0
4
0
7
0 + 7 /8
7
5
7
42
5 + 2 /8
2
6
2
17
2 + 1 /8
1
7
1
12
1 + 4 /8
4
Larger m  longer sequence before it starts repeating itself
20
The Runs Test (I)
• Test for detecting dependencies in a sequence of generated
random numbers
• A run is defined as a sequence of increasing or decreasing
numbers
– “+” indictes an increasing run
– “–” indicates a decreasing run
Ex. Numbers: 1, 7, 8, 6, 5, 3, 4, 10, 12, 15
runs:
+ + – – – + + + + +
• The test is based on comparing the number of runs in a true
random sequence with the number of runs in the observed
sequence
21
The Runs Test (II)
• Hypothesis: H0: Sequence of numbers is independent
HA: Sequence of numbers is not independent
• R = # runs in a truly random sequence of n numbers (random
variable)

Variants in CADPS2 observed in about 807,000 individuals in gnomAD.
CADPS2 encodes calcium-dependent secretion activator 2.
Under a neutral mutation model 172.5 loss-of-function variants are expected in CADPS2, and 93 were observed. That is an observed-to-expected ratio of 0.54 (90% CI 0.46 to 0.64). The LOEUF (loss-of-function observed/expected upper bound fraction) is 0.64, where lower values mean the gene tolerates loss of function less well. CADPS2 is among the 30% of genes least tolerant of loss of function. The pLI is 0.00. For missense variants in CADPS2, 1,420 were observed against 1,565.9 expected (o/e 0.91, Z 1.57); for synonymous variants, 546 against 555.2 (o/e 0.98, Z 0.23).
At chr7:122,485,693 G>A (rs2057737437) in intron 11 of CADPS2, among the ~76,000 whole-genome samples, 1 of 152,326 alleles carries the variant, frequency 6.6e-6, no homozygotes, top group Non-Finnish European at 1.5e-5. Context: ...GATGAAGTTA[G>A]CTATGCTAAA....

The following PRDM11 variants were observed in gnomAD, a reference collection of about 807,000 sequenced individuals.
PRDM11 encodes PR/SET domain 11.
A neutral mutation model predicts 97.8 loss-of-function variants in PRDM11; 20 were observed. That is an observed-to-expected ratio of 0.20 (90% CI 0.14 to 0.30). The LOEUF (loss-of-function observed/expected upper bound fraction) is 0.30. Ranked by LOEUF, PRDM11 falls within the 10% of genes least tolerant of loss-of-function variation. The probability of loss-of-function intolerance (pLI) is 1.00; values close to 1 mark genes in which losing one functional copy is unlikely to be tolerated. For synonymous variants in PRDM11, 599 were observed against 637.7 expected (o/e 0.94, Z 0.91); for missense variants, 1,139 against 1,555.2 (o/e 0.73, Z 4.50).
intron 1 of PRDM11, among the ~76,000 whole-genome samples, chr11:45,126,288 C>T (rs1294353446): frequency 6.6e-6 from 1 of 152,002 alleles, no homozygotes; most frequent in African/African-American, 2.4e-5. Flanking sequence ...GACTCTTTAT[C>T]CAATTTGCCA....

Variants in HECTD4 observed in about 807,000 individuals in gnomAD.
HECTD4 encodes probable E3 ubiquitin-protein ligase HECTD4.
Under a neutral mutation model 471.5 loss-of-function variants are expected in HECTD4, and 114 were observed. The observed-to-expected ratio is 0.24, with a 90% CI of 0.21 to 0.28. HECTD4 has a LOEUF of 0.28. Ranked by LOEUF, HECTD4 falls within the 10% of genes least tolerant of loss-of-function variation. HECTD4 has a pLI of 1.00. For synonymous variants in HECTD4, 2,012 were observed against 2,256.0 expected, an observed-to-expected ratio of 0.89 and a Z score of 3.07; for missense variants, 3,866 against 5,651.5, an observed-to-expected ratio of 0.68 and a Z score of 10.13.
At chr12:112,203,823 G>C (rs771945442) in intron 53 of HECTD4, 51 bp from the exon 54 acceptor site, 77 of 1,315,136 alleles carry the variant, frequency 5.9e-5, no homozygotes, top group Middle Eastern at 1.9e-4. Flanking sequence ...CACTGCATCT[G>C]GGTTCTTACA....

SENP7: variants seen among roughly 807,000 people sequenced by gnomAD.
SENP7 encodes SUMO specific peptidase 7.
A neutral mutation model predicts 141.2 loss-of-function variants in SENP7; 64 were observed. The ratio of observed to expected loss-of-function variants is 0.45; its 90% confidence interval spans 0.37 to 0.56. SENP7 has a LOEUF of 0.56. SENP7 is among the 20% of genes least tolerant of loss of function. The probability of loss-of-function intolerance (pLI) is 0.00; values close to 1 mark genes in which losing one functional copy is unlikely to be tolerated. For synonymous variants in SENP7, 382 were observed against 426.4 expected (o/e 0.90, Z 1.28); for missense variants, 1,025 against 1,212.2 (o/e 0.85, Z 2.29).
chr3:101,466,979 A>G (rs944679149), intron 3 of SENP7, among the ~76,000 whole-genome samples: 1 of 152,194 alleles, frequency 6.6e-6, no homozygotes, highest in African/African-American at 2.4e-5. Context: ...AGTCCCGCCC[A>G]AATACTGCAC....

• Have been shown that…
R=(2n-1)/3
R=(16n-29)/90
RN(R, R)
Test statistic: Z={(R-R)/R}N(0,1)
• Assuming: confidence level  and a two sided test
– P(-Z/2ZZ/2)=1-
– H0 is rejected if Zobserved> Z/2
22
Generating Random Variates
• Assume random numbers, r, from a Uniform (0, 1) distribution
are available
 Random numbers from any distribution can be obtained by applying the
“inverse transformation technique”
The inverse Transformation Technique
1. Generate a U[0, 1] distributed random number r
2. T is a random variable with a CDF FT(t) from which we would
like to obtain a sequence of random numbers
– Note: 0 FT(t) 1 for all values of t
Let FT ( t )  r and solve for t  t  FT1 ( r )
 t is a random number from the distribution of T, i.e., a realization of T
23
Analysis of Simulation Output Data
 The output data collected from a simulation model are